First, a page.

B-79243 September 28, 1948
B-79243: Sep 28, 1948
Secretary: Reference is made to undated letter from the Assistant Secretary of the Interior. Presenting for decision certain questions pertaining to the authority of your Department under two statutory provisions approved by the President on the same day authorizing financial aid to school districts serving areas in which the Bureau of Reclamation is engaged in construction of its projects. All other Acts under which expenditures are authorized. While projects are actually under construction. Is authorized to make such provision as he deems to be necessary and in the public interest for the education of dependents of persons employed on the actual construction of projects or features of projects.
B-79243 September 28, 1948
The Honorable The Secretary of the Interior
My dear Mr. Secretary:
Reference is made to undated letter from the Assistant Secretary of the Interior, received in this Office August 6, 1948, presenting for decision certain questions pertaining to the authority of your Department under two statutory provisions approved by the President on the same day authorizing financial aid to school districts serving areas in which the Bureau of Reclamation is engaged in construction of its projects.
The Interior Department Appropriation Act, 1949, Public Law 841, approved June 29, 1948, at 4:58 p.m., E.D.T., provides under Bureau of Reclamation, in pertinent part as follows:
"Administration provisions: Sums appropriated in this Act for the Bureau of Reclamation shall be available for all expenditures authorized by the Act of June 17, 1902, and Acts amendatory thereof or supplementary thereof or supplementary thereto, known as the reclamation law, and all other Acts under which expenditures are authorized, including * * * payments (not to exceed the to school districts as reimbursement, while projects are actually under construction, for the instruction of dependents of employees of the Bureau of Reclamation and of contractors engaged on such project: Provided. That a tuition charge of $25 per semester shall be charged and collected by the Bureau of Reclamation for each dependent attending such schools * * *."
Public Law 835, entitled "An Act to authorize appropriations for the Bureau of Reclamation for payments to school districts on certain projects during their construction status," approved June 29, 1948, at 5:05 p.m., F.D.T., provides:
"That the Secretary of the Interior, giving due consideration to the temporary nature of the requirements therefor, is authorized to make such provision as he deems to be necessary and in the public interest for the education of dependents of persons employed on the actual construction of projects or features of projects, by the Bureau of reclamation, in any cases in which he finds that by reason of such construction activity, an undue burden is, or will be cast upon the facilities of teh public school districts serving the areas in which construction is being undertaken, and to pay for the same from any funds available for the construction of said projects: Provided, That the Secretary of the Interior shall enter into cooperative arrangements with local school districts wherein such features are situated to contribute toward covering the cost of furnishing the educational services required for such dependents, or for the operation by those school districts of Government facilities, or for the expansion of local school facilities. Such cost incurred hereunder shall be charged to the project concerned and shall be repayable in the same manner and to the same extent as are its other cost of construction.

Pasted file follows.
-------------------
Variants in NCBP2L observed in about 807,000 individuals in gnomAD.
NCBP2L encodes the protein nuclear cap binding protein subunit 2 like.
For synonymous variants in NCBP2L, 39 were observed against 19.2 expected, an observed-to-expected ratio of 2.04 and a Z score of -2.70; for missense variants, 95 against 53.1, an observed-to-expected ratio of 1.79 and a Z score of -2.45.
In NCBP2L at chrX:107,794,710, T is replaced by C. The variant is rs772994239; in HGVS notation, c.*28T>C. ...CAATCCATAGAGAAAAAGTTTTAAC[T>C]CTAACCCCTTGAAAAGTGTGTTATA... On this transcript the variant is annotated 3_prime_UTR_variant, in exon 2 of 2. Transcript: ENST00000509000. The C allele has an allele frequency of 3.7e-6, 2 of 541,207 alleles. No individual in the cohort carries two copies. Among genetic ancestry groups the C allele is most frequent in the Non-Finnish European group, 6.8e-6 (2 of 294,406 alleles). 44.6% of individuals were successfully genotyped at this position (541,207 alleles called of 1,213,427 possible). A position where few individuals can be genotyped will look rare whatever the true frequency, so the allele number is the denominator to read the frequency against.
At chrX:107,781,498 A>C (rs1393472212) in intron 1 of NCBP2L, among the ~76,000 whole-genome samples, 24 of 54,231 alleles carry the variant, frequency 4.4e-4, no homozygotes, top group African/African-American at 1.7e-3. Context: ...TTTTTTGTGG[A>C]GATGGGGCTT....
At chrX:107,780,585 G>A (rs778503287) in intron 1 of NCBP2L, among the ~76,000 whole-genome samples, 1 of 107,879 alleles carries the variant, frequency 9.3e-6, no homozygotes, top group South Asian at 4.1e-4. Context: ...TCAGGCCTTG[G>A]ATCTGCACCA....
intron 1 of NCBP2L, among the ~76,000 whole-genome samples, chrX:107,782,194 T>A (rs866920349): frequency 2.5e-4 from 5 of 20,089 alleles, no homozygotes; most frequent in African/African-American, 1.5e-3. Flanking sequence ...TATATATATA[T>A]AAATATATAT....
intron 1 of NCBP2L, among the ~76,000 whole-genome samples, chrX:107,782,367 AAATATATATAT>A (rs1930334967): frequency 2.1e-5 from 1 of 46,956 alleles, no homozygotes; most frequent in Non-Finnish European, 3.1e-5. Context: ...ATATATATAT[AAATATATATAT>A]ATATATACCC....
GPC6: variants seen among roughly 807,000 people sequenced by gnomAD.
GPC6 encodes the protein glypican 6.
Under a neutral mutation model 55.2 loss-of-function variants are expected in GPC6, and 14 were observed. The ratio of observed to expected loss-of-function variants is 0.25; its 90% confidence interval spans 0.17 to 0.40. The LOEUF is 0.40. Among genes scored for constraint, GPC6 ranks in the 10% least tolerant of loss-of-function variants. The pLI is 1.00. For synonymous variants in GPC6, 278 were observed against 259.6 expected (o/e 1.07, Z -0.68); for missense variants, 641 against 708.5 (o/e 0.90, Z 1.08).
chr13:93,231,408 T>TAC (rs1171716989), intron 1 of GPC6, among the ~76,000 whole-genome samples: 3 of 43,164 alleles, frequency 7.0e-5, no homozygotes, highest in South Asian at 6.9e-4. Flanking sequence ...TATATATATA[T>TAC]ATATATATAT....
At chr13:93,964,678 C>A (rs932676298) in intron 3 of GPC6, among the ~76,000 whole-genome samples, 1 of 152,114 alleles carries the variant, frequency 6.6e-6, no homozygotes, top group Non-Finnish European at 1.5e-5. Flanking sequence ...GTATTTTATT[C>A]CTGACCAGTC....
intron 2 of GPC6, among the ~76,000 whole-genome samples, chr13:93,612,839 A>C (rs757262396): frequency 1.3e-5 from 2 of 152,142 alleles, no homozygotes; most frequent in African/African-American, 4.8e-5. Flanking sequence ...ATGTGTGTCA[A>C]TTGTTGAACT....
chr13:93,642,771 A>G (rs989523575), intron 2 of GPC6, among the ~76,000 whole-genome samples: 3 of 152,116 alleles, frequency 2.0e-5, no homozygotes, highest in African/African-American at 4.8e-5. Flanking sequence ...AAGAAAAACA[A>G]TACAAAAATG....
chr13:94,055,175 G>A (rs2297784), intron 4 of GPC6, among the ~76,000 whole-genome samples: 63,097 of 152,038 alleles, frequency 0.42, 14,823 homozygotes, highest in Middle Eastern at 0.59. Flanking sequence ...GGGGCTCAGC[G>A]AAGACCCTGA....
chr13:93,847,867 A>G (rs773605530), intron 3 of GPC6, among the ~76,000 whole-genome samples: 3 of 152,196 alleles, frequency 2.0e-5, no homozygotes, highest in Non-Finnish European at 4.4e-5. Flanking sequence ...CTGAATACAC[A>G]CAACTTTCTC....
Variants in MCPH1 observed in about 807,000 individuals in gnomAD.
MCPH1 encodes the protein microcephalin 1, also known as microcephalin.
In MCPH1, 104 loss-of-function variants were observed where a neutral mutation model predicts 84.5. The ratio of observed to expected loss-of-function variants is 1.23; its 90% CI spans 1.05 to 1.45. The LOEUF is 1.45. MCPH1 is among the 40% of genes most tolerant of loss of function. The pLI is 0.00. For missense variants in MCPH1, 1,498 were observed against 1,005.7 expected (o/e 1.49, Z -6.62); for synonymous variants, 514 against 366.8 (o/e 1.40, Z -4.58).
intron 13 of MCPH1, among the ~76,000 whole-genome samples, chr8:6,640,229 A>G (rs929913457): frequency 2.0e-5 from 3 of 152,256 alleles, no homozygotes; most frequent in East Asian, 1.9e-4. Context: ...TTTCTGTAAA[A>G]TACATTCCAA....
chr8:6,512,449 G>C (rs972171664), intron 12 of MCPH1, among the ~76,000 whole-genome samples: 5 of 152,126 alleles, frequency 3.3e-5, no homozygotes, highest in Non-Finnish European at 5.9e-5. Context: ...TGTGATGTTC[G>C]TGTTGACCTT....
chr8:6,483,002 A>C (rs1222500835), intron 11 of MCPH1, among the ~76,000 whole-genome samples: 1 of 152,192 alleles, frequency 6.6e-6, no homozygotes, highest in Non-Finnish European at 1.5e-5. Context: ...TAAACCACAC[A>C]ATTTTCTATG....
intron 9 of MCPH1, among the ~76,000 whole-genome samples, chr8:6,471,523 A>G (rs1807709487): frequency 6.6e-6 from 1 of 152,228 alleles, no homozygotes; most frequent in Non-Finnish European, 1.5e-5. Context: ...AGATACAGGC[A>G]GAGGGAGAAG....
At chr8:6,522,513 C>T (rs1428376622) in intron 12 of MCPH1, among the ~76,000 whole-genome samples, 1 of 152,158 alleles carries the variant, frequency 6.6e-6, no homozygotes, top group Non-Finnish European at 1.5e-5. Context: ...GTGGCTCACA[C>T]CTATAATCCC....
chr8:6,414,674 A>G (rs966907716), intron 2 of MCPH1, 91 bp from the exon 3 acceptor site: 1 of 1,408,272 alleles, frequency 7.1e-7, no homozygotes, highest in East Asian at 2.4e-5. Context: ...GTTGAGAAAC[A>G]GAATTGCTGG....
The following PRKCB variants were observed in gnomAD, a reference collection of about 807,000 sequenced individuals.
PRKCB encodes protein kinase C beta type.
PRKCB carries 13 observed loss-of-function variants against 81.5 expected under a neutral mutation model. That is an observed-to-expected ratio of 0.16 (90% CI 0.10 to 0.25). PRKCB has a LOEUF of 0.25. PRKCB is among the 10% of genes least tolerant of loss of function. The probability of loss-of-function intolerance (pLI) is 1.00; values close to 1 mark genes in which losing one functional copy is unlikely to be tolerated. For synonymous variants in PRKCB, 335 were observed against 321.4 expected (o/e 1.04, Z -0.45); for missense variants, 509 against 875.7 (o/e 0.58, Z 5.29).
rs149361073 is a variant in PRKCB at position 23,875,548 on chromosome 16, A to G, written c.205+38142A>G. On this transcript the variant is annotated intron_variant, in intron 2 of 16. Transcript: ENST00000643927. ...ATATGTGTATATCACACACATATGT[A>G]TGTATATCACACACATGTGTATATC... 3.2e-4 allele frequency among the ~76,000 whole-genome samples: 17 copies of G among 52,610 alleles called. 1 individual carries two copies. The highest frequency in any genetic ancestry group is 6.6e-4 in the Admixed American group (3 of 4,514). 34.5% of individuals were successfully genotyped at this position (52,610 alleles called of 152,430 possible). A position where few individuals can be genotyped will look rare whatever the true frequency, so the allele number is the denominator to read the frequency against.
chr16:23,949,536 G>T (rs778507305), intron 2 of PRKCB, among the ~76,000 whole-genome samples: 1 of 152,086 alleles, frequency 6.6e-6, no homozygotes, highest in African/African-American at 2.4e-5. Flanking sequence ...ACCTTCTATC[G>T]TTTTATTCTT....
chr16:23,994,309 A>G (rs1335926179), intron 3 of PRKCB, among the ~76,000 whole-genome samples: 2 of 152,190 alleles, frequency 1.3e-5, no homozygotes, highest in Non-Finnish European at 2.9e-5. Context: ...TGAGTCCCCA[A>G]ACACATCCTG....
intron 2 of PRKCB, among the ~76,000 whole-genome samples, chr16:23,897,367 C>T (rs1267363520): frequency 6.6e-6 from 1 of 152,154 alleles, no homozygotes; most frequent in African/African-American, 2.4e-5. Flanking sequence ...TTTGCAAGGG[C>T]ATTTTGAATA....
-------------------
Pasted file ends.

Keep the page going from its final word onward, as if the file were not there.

"SEC. 2. The Secretary of the Interior shall furnish to the Congress each year, on or before the 3d day of January, a report on all activities undertaken during the proceding fiscal year pursuant to the provisions of the Act, together with such recommendations with respect to problems relating to it as he shall think appropriate."
The questions for consideration are stated in the Assistant Secretary's letter as follows:
"(1) Since both of the provisions referred to explicitly make construction funds of the Bureau of Reclamation available for aiding school districts, is the Bureau now authorized to proceed in accordance with the terms of either of them as may be administratively determined to be best in individual circumstances?
"(2) If the answer to the first question is 'No', is it your view that the provision of the Interior Department Appropriation Act, 1949, quoted above, has been superseded by these of R. L. 835, which, as I pointed out before, became law upon its approval by the President after he had approved the Appropriation Act?
"(3) In the event that it is your belief that the specific provision of the Interior Department Appropriation Act, 1949, is controlling in so far as direct payments by the Bureau of Reclamation "as reimbursement . . . for the instruction of dependents of employees" of its contractors are concerned, is it also your view that the Bureau has authority, under P.L. 835, to make arrangements with the school districts (for example, for the use of Government facilities) which are not covered by the terms of the Appropriation Act? yes
"(4) In so far as the Bureau of Reclamation may be authorized or required to operate under the provision of the Appropriation Act quoted above, is it your understanding that compliance with the terms of teh proviso is a condition precedent to making the payments authorized in the remainder of the provision and, if so, is the collection of $25 for each child a condition precedent to making the payment for that child or a condition precedant to making payment for any child enrolled in the public schools of that district? For example, if (as is sometimes the case) some of the persons employed on the job are local citizens whose children are regularly enrolled in the schools and who pay their share of local taxes, must $25 be collected for each child of such an employee before payments are made on behalf of children of other employee?
"(5) Shall such collections as are made under the Appropriation Act provision be handled as a reimbursement to the appropriation from which payment is to be made to the school district or shall the collection be placed in a designated Special Deposit Account and paid to the school district at appropriate times?"